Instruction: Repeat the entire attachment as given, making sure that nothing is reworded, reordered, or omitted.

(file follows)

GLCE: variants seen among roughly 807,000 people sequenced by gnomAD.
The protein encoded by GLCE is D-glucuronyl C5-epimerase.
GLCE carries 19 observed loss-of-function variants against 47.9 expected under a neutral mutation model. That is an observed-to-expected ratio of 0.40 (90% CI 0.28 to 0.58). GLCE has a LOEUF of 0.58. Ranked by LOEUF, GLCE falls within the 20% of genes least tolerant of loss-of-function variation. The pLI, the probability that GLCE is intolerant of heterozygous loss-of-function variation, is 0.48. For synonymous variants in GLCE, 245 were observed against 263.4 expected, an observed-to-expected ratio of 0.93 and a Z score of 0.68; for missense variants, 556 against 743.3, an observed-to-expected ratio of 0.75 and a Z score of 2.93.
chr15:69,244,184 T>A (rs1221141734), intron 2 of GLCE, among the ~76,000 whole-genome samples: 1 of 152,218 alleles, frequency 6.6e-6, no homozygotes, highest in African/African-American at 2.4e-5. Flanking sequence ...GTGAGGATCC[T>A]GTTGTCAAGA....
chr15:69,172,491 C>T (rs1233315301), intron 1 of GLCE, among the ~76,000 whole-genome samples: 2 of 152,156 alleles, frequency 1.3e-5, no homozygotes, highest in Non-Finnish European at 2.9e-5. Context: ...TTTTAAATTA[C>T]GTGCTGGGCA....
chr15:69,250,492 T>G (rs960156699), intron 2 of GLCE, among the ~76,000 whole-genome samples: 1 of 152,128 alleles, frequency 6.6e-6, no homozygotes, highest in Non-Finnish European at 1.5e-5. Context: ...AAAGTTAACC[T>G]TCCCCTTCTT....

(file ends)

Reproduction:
GLCE: variants seen among roughly 807,000 people sequenced by gnomAD.
The protein encoded by GLCE is D-glucuronyl C5-epimerase.
GLCE carries 19 observed loss-of-function variants against 47.9 expected under a neutral mutation model. That is an observed-to-expected ratio of 0.40 (90% CI 0.28 to 0.58). GLCE has a LOEUF of 0.58. Ranked by LOEUF, GLCE falls within the 20% of genes least tolerant of loss-of-function variation. The pLI, the probability that GLCE is intolerant of heterozygous loss-of-function variation, is 0.48. For synonymous variants in GLCE, 245 were observed against 263.4 expected, an observed-to-expected ratio of 0.93 and a Z score of 0.68; for missense variants, 556 against 743.3, an observed-to-expected ratio of 0.75 and a Z score of 2.93.
chr15:69,244,184 T>A (rs1221141734), intron 2 of GLCE, among the ~76,000 whole-genome samples: 1 of 152,218 alleles, frequency 6.6e-6, no homozygotes, highest in African/African-American at 2.4e-5. Flanking sequence ...GTGAGGATCC[T>A]GTTGTCAAGA....
chr15:69,172,491 C>T (rs1233315301), intron 1 of GLCE, among the ~76,000 whole-genome samples: 2 of 152,156 alleles, frequency 1.3e-5, no homozygotes, highest in Non-Finnish European at 2.9e-5. Context: ...TTTTAAATTA[C>T]GTGCTGGGCA....
chr15:69,250,492 T>G (rs960156699), intron 2 of GLCE, among the ~76,000 whole-genome samples: 1 of 152,128 alleles, frequency 6.6e-6, no homozygotes, highest in Non-Finnish European at 1.5e-5. Context: ...AAAGTTAACC[T>G]TCCCCTTCTT....